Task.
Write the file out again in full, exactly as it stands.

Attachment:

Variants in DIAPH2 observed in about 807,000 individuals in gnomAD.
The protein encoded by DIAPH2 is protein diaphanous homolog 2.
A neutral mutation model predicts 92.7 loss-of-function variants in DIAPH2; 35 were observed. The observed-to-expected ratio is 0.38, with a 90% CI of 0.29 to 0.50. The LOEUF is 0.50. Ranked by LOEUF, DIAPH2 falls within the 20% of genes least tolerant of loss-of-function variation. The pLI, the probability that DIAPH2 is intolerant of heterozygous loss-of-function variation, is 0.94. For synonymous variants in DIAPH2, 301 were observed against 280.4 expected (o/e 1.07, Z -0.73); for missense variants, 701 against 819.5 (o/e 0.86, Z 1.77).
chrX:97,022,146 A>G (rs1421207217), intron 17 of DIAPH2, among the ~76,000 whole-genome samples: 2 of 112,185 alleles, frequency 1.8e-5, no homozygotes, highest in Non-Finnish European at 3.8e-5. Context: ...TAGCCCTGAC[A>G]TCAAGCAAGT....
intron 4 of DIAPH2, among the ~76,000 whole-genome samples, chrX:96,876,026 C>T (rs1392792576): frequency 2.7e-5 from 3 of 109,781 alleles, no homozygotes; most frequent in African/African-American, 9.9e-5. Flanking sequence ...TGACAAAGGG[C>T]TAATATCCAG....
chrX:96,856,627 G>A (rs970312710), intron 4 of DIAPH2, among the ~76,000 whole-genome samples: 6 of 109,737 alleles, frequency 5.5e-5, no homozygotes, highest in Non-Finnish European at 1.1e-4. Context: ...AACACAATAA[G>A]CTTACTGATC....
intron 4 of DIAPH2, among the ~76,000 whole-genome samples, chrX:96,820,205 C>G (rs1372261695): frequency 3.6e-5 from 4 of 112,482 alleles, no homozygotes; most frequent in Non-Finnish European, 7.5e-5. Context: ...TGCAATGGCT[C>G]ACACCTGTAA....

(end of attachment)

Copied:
Variants in DIAPH2 observed in about 807,000 individuals in gnomAD.
The protein encoded by DIAPH2 is protein diaphanous homolog 2.
A neutral mutation model predicts 92.7 loss-of-function variants in DIAPH2; 35 were observed. The observed-to-expected ratio is 0.38, with a 90% CI of 0.29 to 0.50. The LOEUF is 0.50. Ranked by LOEUF, DIAPH2 falls within the 20% of genes least tolerant of loss-of-function variation. The pLI, the probability that DIAPH2 is intolerant of heterozygous loss-of-function variation, is 0.94. For synonymous variants in DIAPH2, 301 were observed against 280.4 expected (o/e 1.07, Z -0.73); for missense variants, 701 against 819.5 (o/e 0.86, Z 1.77).
chrX:97,022,146 A>G (rs1421207217), intron 17 of DIAPH2, among the ~76,000 whole-genome samples: 2 of 112,185 alleles, frequency 1.8e-5, no homozygotes, highest in Non-Finnish European at 3.8e-5. Context: ...TAGCCCTGAC[A>G]TCAAGCAAGT....
intron 4 of DIAPH2, among the ~76,000 whole-genome samples, chrX:96,876,026 C>T (rs1392792576): frequency 2.7e-5 from 3 of 109,781 alleles, no homozygotes; most frequent in African/African-American, 9.9e-5. Flanking sequence ...TGACAAAGGG[C>T]TAATATCCAG....
chrX:96,856,627 G>A (rs970312710), intron 4 of DIAPH2, among the ~76,000 whole-genome samples: 6 of 109,737 alleles, frequency 5.5e-5, no homozygotes, highest in Non-Finnish European at 1.1e-4. Context: ...AACACAATAA[G>A]CTTACTGATC....
intron 4 of DIAPH2, among the ~76,000 whole-genome samples, chrX:96,820,205 C>G (rs1372261695): frequency 3.6e-5 from 4 of 112,482 alleles, no homozygotes; most frequent in Non-Finnish European, 7.5e-5. Context: ...TGCAATGGCT[C>G]ACACCTGTAA....